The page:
• 2 Albert of Aachen, Albert of Aachen, Historia Ierosolimitana: History of the Journey to Jerusalem, ed. Susan B. Edgington, Oxford Medieval Texts (Oxford: Clarendon Press, 2007), p: 394-397.Link to Zotero Bibliographic Record

Copyright and License for Reuse

Except for materials quoted from other sources, this entry is copyright 2021 by the contributors (Joseph L. Rife, et al.) and the Caesarea City and Port Exploration Project. It is licensed under the Attribution 4.0 International (CC BY 4.0) license.

Some texts quoted in this entry may be in the public domain in the United States. No copyright is asserted for these quotations.

Some texts quoted in this entry may have copyright restrictions and are reused under Section 107 of the Copyright Act of 1976 (Title 17 of the United States Code) which permits “fair use” of copyrighted materials for purposes such as criticism, comment, scholarship, and research. These texts remain under copyright of their owners. No copyright infringement is intended.

How to Cite This Entry

Joseph L. Rife, “Albert of Aachen, History of the Journey to Jerusalem 5.41-5.42,” in Caesarea Maritima: A Collection of Testimonia, last modified October 19, 2022, https://caesarea-maritima.org/testimonia/371.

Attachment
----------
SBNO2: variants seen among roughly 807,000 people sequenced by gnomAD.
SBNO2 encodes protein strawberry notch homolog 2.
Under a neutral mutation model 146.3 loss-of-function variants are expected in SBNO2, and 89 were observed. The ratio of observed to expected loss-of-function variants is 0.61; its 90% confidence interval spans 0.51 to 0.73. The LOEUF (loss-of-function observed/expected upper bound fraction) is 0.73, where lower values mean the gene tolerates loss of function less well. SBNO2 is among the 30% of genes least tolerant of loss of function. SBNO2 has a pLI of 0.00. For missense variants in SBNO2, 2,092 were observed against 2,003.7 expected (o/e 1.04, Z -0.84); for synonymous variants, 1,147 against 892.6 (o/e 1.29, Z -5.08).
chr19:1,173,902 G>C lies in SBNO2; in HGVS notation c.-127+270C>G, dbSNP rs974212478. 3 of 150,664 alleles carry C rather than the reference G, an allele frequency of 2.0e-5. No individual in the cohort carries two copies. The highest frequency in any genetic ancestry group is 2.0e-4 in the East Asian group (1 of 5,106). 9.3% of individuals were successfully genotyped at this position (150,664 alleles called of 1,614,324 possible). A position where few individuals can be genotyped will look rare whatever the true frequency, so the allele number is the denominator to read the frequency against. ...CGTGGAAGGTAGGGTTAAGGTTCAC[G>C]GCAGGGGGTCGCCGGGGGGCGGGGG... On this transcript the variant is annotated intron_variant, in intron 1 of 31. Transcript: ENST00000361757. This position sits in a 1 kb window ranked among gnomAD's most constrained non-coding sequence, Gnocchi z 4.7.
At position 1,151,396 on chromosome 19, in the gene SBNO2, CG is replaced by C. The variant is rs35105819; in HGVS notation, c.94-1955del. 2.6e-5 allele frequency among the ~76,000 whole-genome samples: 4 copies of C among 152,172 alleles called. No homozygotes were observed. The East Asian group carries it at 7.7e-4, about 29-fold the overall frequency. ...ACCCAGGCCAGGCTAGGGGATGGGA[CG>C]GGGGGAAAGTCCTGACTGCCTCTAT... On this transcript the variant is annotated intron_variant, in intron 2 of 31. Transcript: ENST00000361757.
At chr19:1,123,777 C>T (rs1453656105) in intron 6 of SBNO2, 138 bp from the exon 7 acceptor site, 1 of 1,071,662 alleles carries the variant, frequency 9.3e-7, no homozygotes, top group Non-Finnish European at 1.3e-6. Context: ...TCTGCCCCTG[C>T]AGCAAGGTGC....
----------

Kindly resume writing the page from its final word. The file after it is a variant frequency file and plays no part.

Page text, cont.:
Bibliography:

Joseph L. Rife, “Albert of Aachen, History of the Journey to Jerusalem 5.41-5.42.” In Caesarea Maritima: A Collection of Testimonia, edited by Joseph L. Rife and Phillip I. Lieberman., edited by Joseph L. Rife et al.. Caesarea City and Port Exploration Project, 2022. Entry published October 19, 2022. https://caesarea-maritima.org/testimonia/371.

About this Entry

Entry Title: Albert of Aachen, History of the Journey to Jerusalem 5.41-5.42

Authorial and Editorial Responsibility:

  • Joseph L. Rife, general editor, Vanderbilt University
  • Joseph L. Rife and Phillip I. Lieberman, editors, Caesarea Maritima: A Collection of Testimonia
  • David A. Michelson, Daniel L. Schwartz, and William L. Potter, technical editor, “Albert of Aachen, History of the Journey to Jerusalem 5.41-5.42
  • Joseph L. Rife, entry contributor, “Albert of Aachen, History of the Journey to Jerusalem 5.41-5.42

Additional Credit:

  • TEI encoding by Joseph L. Rife
  • URNs and other metadata added by Joseph L. Rife
  • Electronic text added by Joseph L. Rife
  • Testimonia identified by Joseph L. Rife